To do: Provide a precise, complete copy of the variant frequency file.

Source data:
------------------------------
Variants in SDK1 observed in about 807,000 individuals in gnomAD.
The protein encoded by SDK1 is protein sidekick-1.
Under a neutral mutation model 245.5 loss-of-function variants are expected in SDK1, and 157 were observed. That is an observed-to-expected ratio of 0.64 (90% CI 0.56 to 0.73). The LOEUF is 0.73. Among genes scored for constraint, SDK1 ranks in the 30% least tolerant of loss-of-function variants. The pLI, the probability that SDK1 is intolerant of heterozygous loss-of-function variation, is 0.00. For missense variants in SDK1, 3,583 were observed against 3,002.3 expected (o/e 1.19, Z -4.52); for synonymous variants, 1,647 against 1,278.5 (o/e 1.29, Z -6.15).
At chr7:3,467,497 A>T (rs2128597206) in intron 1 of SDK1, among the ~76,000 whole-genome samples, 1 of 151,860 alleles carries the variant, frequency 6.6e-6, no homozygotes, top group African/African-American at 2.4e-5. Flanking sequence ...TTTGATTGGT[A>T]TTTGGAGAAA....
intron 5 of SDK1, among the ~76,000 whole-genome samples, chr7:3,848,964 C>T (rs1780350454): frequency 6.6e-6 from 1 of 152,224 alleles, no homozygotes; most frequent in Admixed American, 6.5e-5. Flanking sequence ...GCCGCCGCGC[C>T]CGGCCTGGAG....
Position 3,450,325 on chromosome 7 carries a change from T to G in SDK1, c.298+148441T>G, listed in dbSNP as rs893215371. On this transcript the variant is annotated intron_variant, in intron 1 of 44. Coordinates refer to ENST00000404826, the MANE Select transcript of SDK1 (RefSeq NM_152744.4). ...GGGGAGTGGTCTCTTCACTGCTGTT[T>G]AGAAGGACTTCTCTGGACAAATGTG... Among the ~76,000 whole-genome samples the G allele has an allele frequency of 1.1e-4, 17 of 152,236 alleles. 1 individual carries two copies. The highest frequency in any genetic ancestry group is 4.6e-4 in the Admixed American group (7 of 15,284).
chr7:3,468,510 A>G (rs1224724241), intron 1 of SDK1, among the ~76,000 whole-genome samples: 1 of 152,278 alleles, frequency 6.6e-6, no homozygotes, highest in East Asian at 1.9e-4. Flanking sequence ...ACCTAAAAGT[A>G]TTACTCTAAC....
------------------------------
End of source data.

Variants in SDK1 observed in about 807,000 individuals in gnomAD.
The protein encoded by SDK1 is protein sidekick-1.
Under a neutral mutation model 245.5 loss-of-function variants are expected in SDK1, and 157 were observed. That is an observed-to-expected ratio of 0.64 (90% CI 0.56 to 0.73). The LOEUF is 0.73. Among genes scored for constraint, SDK1 ranks in the 30% least tolerant of loss-of-function variants. The pLI, the probability that SDK1 is intolerant of heterozygous loss-of-function variation, is 0.00. For missense variants in SDK1, 3,583 were observed against 3,002.3 expected (o/e 1.19, Z -4.52); for synonymous variants, 1,647 against 1,278.5 (o/e 1.29, Z -6.15).
At chr7:3,467,497 A>T (rs2128597206) in intron 1 of SDK1, among the ~76,000 whole-genome samples, 1 of 151,860 alleles carries the variant, frequency 6.6e-6, no homozygotes, top group African/African-American at 2.4e-5. Flanking sequence ...TTTGATTGGT[A>T]TTTGGAGAAA....
intron 5 of SDK1, among the ~76,000 whole-genome samples, chr7:3,848,964 C>T (rs1780350454): frequency 6.6e-6 from 1 of 152,224 alleles, no homozygotes; most frequent in Admixed American, 6.5e-5. Flanking sequence ...GCCGCCGCGC[C>T]CGGCCTGGAG....
Position 3,450,325 on chromosome 7 carries a change from T to G in SDK1, c.298+148441T>G, listed in dbSNP as rs893215371. On this transcript the variant is annotated intron_variant, in intron 1 of 44. Coordinates refer to ENST00000404826, the MANE Select transcript of SDK1 (RefSeq NM_152744.4). ...GGGGAGTGGTCTCTTCACTGCTGTT[T>G]AGAAGGACTTCTCTGGACAAATGTG... Among the ~76,000 whole-genome samples the G allele has an allele frequency of 1.1e-4, 17 of 152,236 alleles. 1 individual carries two copies. The highest frequency in any genetic ancestry group is 4.6e-4 in the Admixed American group (7 of 15,284).
chr7:3,468,510 A>G (rs1224724241), intron 1 of SDK1, among the ~76,000 whole-genome samples: 1 of 152,278 alleles, frequency 6.6e-6, no homozygotes, highest in East Asian at 1.9e-4. Flanking sequence ...ACCTAAAAGT[A>G]TTACTCTAAC....